Campus News

The Lethbridge College community is mourning two recent losses: the passing of colleague and instructor Aaron Brooks and former college Métis elder Rod McLeod. 

The Lethbridge College flag was lowered Friday out of respect for Brooks and McLeod. The Blackfoot Confederacy flag was also lowered in consultation with the Indigenous Services team to recognize McLeod’s contributions to the Blackfoot community. The flags will remain lowered through April 17.

Brooks brought content to life through storytelling

Aaron Brooks

Aaron Brooks was an instructor for nearly a decade in the Primary Care Paramedic program, taught on our campus but run by NAIT. He passed away Thursday at the age of 42. 

He was also a dedicated firefighter paramedic and member of the Lethbridge Firefighters International Association of Fire Fighters 237. Known for his bravery, commitment and unwavering sense of duty, Brooks was highly respected by his colleagues, students and the community he served.

Although Brooks worked for NAIT, he was an integral part of our Centre for Health and Wellness Allied Health team. Those who worked with him said he was more than a colleague; he was a friend and mentor whose presence brought warmth and positivity to the campus. Brooks’s warm smile and captivating storytelling was his trademark, and he had a unique ability for connecting with students on a personal level, with a colleague stating, “Aaron didn’t just teach content – he brought it to life.”

His absence will be deeply felt by all those at the college and particularly the students he inspired. “He was an amazing instructor and I think about him almost every call I go out on,” says one of his former students.

As a firefighter paramedic, Brooks was always ready to put his life on the line to save others. Whether battling a blazing inferno or responding to a medical emergency, Brooks never hesitated to rush into danger to help those in need. His selfless actions have undoubtedly saved countless lives and made a lasting impact on the community. Beyond his role as a first responder, Brooks was also a devoted husband, father, son and friend.

A funeral service for Brooks will be held at 1 p.m. Wednesday, April 17 at Southminister United Church. A celebration of life will be held at the Lethbridge 20th Independent Field Battery Vimy Ridge Armoury at 6:30 p.m. Thursday. Details and a stream of the funeral service can be found with in his obituary.

Former Métis elder gifted Blackfoot name meaning 'Dependable One’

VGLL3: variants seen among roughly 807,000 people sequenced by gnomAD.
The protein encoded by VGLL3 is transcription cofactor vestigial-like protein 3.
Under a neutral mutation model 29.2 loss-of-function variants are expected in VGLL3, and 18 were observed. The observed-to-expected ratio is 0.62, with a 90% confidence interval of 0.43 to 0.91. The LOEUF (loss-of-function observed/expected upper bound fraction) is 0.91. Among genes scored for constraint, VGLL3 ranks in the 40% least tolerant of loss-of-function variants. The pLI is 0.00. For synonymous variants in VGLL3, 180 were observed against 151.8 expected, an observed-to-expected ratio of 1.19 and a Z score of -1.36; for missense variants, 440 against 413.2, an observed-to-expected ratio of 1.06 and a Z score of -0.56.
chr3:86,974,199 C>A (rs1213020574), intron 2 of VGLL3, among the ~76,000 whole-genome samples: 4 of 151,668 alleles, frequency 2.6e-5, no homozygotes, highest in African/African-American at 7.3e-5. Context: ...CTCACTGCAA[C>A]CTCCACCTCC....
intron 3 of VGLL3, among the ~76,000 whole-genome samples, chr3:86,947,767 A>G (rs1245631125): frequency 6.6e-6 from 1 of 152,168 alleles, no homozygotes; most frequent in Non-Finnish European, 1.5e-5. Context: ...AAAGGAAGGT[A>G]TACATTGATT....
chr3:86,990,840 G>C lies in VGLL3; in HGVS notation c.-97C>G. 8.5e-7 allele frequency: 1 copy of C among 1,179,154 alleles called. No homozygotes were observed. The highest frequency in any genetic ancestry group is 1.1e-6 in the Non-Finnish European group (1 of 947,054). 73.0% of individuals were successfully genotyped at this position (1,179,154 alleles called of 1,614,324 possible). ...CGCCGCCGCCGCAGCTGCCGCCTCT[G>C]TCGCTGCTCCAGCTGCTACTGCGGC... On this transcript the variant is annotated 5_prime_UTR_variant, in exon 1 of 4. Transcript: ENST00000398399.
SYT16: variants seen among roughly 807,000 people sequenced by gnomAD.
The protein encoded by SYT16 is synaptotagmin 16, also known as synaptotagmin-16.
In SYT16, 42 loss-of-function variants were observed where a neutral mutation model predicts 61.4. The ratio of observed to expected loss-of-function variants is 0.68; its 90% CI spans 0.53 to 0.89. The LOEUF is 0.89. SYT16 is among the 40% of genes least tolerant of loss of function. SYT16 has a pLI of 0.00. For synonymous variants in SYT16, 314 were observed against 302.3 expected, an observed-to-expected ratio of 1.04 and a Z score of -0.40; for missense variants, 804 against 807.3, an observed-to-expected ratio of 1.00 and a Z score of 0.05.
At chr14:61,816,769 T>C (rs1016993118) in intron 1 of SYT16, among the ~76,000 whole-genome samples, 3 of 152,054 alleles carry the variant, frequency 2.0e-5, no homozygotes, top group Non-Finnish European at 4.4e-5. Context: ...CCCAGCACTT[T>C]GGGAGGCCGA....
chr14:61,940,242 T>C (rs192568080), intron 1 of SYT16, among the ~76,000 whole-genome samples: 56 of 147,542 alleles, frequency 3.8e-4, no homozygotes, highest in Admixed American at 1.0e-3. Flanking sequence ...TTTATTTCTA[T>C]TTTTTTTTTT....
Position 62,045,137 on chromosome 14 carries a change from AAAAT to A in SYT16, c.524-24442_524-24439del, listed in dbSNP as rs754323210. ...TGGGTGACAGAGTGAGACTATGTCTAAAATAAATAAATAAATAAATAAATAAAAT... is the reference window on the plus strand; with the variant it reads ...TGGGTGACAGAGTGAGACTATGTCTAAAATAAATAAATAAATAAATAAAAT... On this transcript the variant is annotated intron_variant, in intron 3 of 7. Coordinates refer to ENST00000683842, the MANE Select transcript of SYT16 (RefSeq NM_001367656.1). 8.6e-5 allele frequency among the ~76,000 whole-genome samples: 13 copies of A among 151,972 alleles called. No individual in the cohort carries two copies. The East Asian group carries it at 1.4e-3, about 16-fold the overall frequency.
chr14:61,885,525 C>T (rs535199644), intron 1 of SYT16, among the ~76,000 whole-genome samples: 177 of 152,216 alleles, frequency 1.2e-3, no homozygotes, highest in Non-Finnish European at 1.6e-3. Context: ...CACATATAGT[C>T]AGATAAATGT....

The college community is also saddened to learn of the death of Roderick John McLeod on March 30 at the age of 87. In addition to being a college graduate and distinguished alumni award recipient, McLeod served as the college’s Métis elder from 2012 to 2018, supporting, educating and encouraging countless students, employees, alumni and community members over the years.

Rod McLeod receives a Quilt of Valour from Glenn Miller

McLeod’s obituary notes that he connected with his Métis culture after moving to Lethbridge in 1998. He came to the college in 2002 at the age of 66 and enrolled in the Child and Youth Care program, graduating in 2003. He went on to work with Family Ties Association for 12 years. McLeod was a lifelong learner and earned a Fetal Alcohol Syndrome Disorder credential from the college in 2006 at the age of 70. In 2011, at the age of 75, he was recognized as the oldest child and youth care worker in the city. A year later, he received the college’s Distinguished Alumni - Community Leader Award in recognition of his success in collaborative projects, his motivation, dedication, leadership and initiative, and his work for and with Alberta youth. And in October 2012, Blackfoot Elders Francis First Charger and Bruce Wolf Child gave McLeod the Blackfoot name of Iistakata, which means “Dependable One,” during a campus celebration.

“Giving a Blackfoot name to someone who is not a Blackfoot person is both an honour and a responsibility,” says Robin Little Bear, who was manager of Indigenous Services at that time. “It’s given to someone who has made an important contribution to the community, and to someone who is committed and responsible for carrying that name and continuing to support the community.”

McLeod attended Métis Sash Day in November 2023 at the college, where he shared his collection of Métis artifacts and patiently answered questions of another generation of students. In recognition of his service in the Canadian Armed Forces, McLeod also received a Quilt of Valour during the celebration, presented by Retired Warrant Officer and military historian Glenn Miller to recognize veterans in the community and show appreciation for their service.

A service for McLeod was already held.